23 August 2010

FZ1 Mod: RavenRider Jet Kit

21 August 2010
The aftermarket muffler restricts less air than the stock one so the proper thing is to re-jet the carbs to match the new configuration.  I read and re-read most of the posts on carb jetting on both of the FZ1 specific forums before deciding to go with the RavenRider carb suggestions.  His tips offers the best bang for the buck.  The only real expense is for new main jets and the day it takes to follow all the instructions.  His kit is also very flexible.  You can do either or all the steps to get a noticeable improvement.

Initially, I planned on doing the most basic thing, shimming the needles, drilling the slides, and adjusting the floats.  After exchanging p.m.s with va_rider, I decided to add porting the boots and modding the air filter cover.  So, after riding around with the main jets in my tail bag/case for nearly three months, it was time to get them installed.  Cruzman was kind enough to volunteer to help/do this so I rode the bike over to his house early in the morning after letting a rain shower or two pass.

We got started as soon as I arrived and pulled the carbs.  The basic procedure can be found on Pat's FZ1 site, a veritable vault of valuable information for this model motorcycle.  After a brief break to get some food and the proper bits so we could adjust the TPS, we were back at it by 1.

Get the carbs out!

Taking the carbs off, I learned long allen wrenches were made for a reason.  I'm glad I didn't purchase another tool set, because these likely would not have been in them.  I'll be getting a set for myself and one for Cruzman for all his help!

First thing after lunch was to get access to the carb pilot circuits.  There's no need for me through the how-to go into all the steps, if you want those, go here.  You get the pilots to 3¼ turns out.  This adjusts the idle mixture settings for the new main jets.  Next, we open the top end of the carbs to gain access to the carb slides and needles.  We drilled the slides to help with throttle response and shimmed the needles to richen the midrange.  Finally, flip the carbs and change the main jets then set the float height to 14 mm.

Here's our video:

If I hadn't decided to do the other stuff, we woulda been finished by 3 and coulda went for a short ride.  But I also wanted to port the boots.  Porting the boots improves air flow through the carbs, bringing the power on a little sooner than it happens with stock boots.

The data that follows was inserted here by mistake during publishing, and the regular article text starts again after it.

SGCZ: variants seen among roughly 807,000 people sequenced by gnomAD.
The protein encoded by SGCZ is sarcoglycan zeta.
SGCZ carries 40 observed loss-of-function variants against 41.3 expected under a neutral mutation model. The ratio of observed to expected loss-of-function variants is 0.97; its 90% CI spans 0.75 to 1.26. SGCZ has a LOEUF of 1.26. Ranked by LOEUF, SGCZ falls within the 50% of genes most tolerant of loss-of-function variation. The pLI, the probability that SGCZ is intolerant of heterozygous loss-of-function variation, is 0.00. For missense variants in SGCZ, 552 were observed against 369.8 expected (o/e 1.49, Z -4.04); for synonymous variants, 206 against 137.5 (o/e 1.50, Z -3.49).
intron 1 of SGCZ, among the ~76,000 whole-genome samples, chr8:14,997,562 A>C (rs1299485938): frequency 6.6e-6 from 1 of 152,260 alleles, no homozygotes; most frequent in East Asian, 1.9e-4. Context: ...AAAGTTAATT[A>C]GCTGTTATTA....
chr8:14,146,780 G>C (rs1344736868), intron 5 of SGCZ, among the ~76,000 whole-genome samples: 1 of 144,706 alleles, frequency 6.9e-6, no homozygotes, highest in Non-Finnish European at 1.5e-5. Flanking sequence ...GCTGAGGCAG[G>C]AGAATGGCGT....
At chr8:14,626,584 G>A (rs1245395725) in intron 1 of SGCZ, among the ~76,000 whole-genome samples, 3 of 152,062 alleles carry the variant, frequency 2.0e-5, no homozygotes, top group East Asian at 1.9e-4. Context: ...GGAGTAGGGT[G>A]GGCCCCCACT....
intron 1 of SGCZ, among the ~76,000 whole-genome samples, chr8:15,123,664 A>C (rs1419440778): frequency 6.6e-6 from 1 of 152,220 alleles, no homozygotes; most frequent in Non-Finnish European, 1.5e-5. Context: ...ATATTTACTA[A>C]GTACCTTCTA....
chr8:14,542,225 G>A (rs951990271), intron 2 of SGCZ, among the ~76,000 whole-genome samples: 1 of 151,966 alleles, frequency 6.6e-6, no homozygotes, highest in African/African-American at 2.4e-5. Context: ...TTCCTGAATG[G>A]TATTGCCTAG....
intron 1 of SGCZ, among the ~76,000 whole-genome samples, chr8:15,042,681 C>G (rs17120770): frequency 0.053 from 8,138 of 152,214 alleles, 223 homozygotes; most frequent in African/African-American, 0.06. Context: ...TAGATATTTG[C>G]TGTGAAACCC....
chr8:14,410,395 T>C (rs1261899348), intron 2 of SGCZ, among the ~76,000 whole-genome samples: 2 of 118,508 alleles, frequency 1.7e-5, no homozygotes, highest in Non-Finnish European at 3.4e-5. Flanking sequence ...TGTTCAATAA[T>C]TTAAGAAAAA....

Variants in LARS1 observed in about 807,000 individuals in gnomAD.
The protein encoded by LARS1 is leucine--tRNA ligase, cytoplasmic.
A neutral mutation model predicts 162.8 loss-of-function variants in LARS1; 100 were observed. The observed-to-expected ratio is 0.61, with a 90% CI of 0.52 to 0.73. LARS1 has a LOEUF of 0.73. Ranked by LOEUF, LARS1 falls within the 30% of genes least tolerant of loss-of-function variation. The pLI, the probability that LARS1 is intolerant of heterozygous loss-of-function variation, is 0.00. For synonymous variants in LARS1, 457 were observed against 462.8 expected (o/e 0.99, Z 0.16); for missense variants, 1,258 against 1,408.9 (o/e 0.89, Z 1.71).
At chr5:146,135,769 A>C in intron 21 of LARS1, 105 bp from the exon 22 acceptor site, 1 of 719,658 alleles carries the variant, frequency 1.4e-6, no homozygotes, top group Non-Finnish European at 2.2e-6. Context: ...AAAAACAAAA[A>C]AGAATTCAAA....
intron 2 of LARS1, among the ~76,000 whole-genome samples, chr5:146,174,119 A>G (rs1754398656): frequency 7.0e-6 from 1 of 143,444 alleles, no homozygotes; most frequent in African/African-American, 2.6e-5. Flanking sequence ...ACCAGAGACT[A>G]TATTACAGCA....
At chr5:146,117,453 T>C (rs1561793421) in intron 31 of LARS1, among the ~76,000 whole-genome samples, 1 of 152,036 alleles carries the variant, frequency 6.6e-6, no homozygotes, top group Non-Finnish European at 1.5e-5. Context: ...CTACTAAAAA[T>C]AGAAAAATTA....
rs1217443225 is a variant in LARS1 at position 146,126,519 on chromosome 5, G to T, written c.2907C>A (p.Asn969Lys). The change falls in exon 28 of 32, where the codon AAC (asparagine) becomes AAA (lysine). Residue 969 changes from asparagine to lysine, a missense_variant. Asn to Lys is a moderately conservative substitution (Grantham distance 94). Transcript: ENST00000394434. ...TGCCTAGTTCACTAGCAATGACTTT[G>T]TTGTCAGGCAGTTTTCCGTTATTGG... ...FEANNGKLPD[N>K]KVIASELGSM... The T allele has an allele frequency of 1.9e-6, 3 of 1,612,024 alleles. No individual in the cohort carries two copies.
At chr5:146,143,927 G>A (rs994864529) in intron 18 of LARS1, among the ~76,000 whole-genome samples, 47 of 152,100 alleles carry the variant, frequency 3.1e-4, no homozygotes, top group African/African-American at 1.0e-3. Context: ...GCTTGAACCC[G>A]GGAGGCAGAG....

Porting boots is messy work
All ported and ready to go.

We did the air box mod last.  This was just removing the snorkel and cutting a hole in the stock lid, then tossing the rubber thing that covers it (that I didn't do until Sunday morning because some how I missed that in the instructions!).  The air box mod combined with the ported boots is important to make the line from intake to combustion as smooth and as short as possible.

Modded Air Box Lid

After that it was a simple matter of re-installing and syncing the carbs, and re-setting the Throttle Position Sensor.  I also discovered I need a couple of pairs of needlenose pliers, a straight set and a curved set, to get access to the rubber nipple things on the boots that are used to sync the carbs.

On the shakedown ride, I discovered a more mannerly Baby.  Not nearly as mannered as Cruzman's Stella, but much more than he was before.  Throttle response was snappy and the bike was much smoother as it climbed through the rpms.  I had good pull in all gears at all rpms, where before some of the lower rpms in higher gears resulting in a quick down shift due to lack of power.

So far, I am very pleased with the results and am glad I took the 3 years to get to know Baby stock before getting him all performance modded up.  Now that I know how to ride a 4 cyl, the performance mods will help me improve my riding skills even more.  I'm really looking forward to my next ride now!

Link to the advancer mod.

Thanks for reading,
patrice, theWolfTamer

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